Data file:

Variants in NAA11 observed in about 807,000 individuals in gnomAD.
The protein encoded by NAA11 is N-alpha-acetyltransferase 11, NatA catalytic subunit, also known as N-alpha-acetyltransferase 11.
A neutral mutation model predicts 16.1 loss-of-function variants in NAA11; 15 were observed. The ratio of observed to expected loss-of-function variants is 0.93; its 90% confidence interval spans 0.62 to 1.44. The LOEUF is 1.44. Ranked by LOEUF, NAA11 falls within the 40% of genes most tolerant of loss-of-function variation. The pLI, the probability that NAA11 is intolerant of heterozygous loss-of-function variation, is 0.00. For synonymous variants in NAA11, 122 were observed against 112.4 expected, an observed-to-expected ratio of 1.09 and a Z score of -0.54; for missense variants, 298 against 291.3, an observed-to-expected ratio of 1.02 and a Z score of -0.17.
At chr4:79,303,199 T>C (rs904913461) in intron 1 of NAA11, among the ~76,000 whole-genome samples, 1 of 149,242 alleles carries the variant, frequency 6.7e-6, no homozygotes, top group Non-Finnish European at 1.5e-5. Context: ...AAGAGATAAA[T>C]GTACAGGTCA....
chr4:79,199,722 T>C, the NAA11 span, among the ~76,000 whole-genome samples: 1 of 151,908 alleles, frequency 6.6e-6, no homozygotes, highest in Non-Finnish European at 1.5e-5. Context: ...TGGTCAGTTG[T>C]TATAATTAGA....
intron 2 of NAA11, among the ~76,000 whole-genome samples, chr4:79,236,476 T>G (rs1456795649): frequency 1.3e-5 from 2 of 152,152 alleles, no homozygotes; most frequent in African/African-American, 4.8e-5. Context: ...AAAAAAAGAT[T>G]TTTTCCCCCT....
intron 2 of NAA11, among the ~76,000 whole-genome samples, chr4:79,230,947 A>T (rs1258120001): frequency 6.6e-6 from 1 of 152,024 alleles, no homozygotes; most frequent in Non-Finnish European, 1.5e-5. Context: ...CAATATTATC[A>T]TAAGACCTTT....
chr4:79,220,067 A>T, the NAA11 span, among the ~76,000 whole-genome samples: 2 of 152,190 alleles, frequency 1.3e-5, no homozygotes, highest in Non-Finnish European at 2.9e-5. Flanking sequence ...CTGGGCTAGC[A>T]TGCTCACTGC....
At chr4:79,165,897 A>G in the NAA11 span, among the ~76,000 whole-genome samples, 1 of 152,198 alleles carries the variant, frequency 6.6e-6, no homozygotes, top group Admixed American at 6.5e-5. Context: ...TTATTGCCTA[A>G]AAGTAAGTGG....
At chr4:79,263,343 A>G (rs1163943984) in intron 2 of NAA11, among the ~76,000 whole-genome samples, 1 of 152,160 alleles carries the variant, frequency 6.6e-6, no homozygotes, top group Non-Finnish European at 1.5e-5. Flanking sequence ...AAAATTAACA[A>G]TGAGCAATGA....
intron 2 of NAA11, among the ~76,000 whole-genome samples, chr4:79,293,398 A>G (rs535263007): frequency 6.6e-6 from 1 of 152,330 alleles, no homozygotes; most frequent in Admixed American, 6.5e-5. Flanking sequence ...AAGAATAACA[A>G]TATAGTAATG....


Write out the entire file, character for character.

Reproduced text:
Variants in NAA11 observed in about 807,000 individuals in gnomAD.
The protein encoded by NAA11 is N-alpha-acetyltransferase 11, NatA catalytic subunit, also known as N-alpha-acetyltransferase 11.
A neutral mutation model predicts 16.1 loss-of-function variants in NAA11; 15 were observed. The ratio of observed to expected loss-of-function variants is 0.93; its 90% confidence interval spans 0.62 to 1.44. The LOEUF is 1.44. Ranked by LOEUF, NAA11 falls within the 40% of genes most tolerant of loss-of-function variation. The pLI, the probability that NAA11 is intolerant of heterozygous loss-of-function variation, is 0.00. For synonymous variants in NAA11, 122 were observed against 112.4 expected, an observed-to-expected ratio of 1.09 and a Z score of -0.54; for missense variants, 298 against 291.3, an observed-to-expected ratio of 1.02 and a Z score of -0.17.
At chr4:79,303,199 T>C (rs904913461) in intron 1 of NAA11, among the ~76,000 whole-genome samples, 1 of 149,242 alleles carries the variant, frequency 6.7e-6, no homozygotes, top group Non-Finnish European at 1.5e-5. Context: ...AAGAGATAAA[T>C]GTACAGGTCA....
chr4:79,199,722 T>C, the NAA11 span, among the ~76,000 whole-genome samples: 1 of 151,908 alleles, frequency 6.6e-6, no homozygotes, highest in Non-Finnish European at 1.5e-5. Context: ...TGGTCAGTTG[T>C]TATAATTAGA....
intron 2 of NAA11, among the ~76,000 whole-genome samples, chr4:79,236,476 T>G (rs1456795649): frequency 1.3e-5 from 2 of 152,152 alleles, no homozygotes; most frequent in African/African-American, 4.8e-5. Context: ...AAAAAAAGAT[T>G]TTTTCCCCCT....
intron 2 of NAA11, among the ~76,000 whole-genome samples, chr4:79,230,947 A>T (rs1258120001): frequency 6.6e-6 from 1 of 152,024 alleles, no homozygotes; most frequent in Non-Finnish European, 1.5e-5. Context: ...CAATATTATC[A>T]TAAGACCTTT....
chr4:79,220,067 A>T, the NAA11 span, among the ~76,000 whole-genome samples: 2 of 152,190 alleles, frequency 1.3e-5, no homozygotes, highest in Non-Finnish European at 2.9e-5. Flanking sequence ...CTGGGCTAGC[A>T]TGCTCACTGC....
At chr4:79,165,897 A>G in the NAA11 span, among the ~76,000 whole-genome samples, 1 of 152,198 alleles carries the variant, frequency 6.6e-6, no homozygotes, top group Admixed American at 6.5e-5. Context: ...TTATTGCCTA[A>G]AAGTAAGTGG....
At chr4:79,263,343 A>G (rs1163943984) in intron 2 of NAA11, among the ~76,000 whole-genome samples, 1 of 152,160 alleles carries the variant, frequency 6.6e-6, no homozygotes, top group Non-Finnish European at 1.5e-5. Flanking sequence ...AAAATTAACA[A>G]TGAGCAATGA....
intron 2 of NAA11, among the ~76,000 whole-genome samples, chr4:79,293,398 A>G (rs535263007): frequency 6.6e-6 from 1 of 152,330 alleles, no homozygotes; most frequent in Admixed American, 6.5e-5. Flanking sequence ...AAGAATAACA[A>G]TATAGTAATG....